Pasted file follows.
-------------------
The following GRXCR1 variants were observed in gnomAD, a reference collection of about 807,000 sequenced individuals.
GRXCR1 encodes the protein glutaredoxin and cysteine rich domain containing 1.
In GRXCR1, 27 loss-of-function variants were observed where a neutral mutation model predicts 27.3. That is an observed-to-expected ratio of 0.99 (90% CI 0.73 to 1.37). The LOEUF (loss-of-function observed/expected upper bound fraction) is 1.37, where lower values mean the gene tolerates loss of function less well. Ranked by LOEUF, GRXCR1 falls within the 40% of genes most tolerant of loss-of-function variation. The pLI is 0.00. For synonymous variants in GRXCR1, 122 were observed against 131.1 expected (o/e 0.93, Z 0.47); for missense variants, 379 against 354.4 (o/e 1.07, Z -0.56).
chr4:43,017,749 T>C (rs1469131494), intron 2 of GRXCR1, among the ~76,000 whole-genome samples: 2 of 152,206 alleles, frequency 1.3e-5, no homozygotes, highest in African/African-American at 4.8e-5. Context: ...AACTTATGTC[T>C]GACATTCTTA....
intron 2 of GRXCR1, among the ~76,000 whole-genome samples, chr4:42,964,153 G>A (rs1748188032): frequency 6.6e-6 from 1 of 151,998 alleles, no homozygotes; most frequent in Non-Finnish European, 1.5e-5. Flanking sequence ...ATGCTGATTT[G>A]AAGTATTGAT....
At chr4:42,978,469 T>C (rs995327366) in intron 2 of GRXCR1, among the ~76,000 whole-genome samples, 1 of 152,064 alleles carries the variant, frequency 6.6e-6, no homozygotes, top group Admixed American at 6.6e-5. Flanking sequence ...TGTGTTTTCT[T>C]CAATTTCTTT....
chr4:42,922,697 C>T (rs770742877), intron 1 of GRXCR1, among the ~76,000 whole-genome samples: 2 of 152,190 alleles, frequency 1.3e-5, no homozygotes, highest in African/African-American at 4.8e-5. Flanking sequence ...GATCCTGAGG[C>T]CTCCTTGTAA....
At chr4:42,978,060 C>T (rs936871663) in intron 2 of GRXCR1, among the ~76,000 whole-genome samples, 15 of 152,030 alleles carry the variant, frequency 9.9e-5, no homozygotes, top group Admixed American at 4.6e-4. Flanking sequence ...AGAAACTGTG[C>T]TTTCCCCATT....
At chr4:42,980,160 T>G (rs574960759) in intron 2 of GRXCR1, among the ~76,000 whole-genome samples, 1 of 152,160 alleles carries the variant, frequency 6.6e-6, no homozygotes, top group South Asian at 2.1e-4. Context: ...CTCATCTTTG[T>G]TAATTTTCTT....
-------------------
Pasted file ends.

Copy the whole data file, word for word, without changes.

The following GRXCR1 variants were observed in gnomAD, a reference collection of about 807,000 sequenced individuals.
GRXCR1 encodes the protein glutaredoxin and cysteine rich domain containing 1.
In GRXCR1, 27 loss-of-function variants were observed where a neutral mutation model predicts 27.3. That is an observed-to-expected ratio of 0.99 (90% CI 0.73 to 1.37). The LOEUF (loss-of-function observed/expected upper bound fraction) is 1.37, where lower values mean the gene tolerates loss of function less well. Ranked by LOEUF, GRXCR1 falls within the 40% of genes most tolerant of loss-of-function variation. The pLI is 0.00. For synonymous variants in GRXCR1, 122 were observed against 131.1 expected (o/e 0.93, Z 0.47); for missense variants, 379 against 354.4 (o/e 1.07, Z -0.56).
chr4:43,017,749 T>C (rs1469131494), intron 2 of GRXCR1, among the ~76,000 whole-genome samples: 2 of 152,206 alleles, frequency 1.3e-5, no homozygotes, highest in African/African-American at 4.8e-5. Context: ...AACTTATGTC[T>C]GACATTCTTA....
intron 2 of GRXCR1, among the ~76,000 whole-genome samples, chr4:42,964,153 G>A (rs1748188032): frequency 6.6e-6 from 1 of 151,998 alleles, no homozygotes; most frequent in Non-Finnish European, 1.5e-5. Flanking sequence ...ATGCTGATTT[G>A]AAGTATTGAT....
At chr4:42,978,469 T>C (rs995327366) in intron 2 of GRXCR1, among the ~76,000 whole-genome samples, 1 of 152,064 alleles carries the variant, frequency 6.6e-6, no homozygotes, top group Admixed American at 6.6e-5. Flanking sequence ...TGTGTTTTCT[T>C]CAATTTCTTT....
chr4:42,922,697 C>T (rs770742877), intron 1 of GRXCR1, among the ~76,000 whole-genome samples: 2 of 152,190 alleles, frequency 1.3e-5, no homozygotes, highest in African/African-American at 4.8e-5. Flanking sequence ...GATCCTGAGG[C>T]CTCCTTGTAA....
At chr4:42,978,060 C>T (rs936871663) in intron 2 of GRXCR1, among the ~76,000 whole-genome samples, 15 of 152,030 alleles carry the variant, frequency 9.9e-5, no homozygotes, top group Admixed American at 4.6e-4. Flanking sequence ...AGAAACTGTG[C>T]TTTCCCCATT....
At chr4:42,980,160 T>G (rs574960759) in intron 2 of GRXCR1, among the ~76,000 whole-genome samples, 1 of 152,160 alleles carries the variant, frequency 6.6e-6, no homozygotes, top group South Asian at 2.1e-4. Context: ...CTCATCTTTG[T>G]TAATTTTCTT....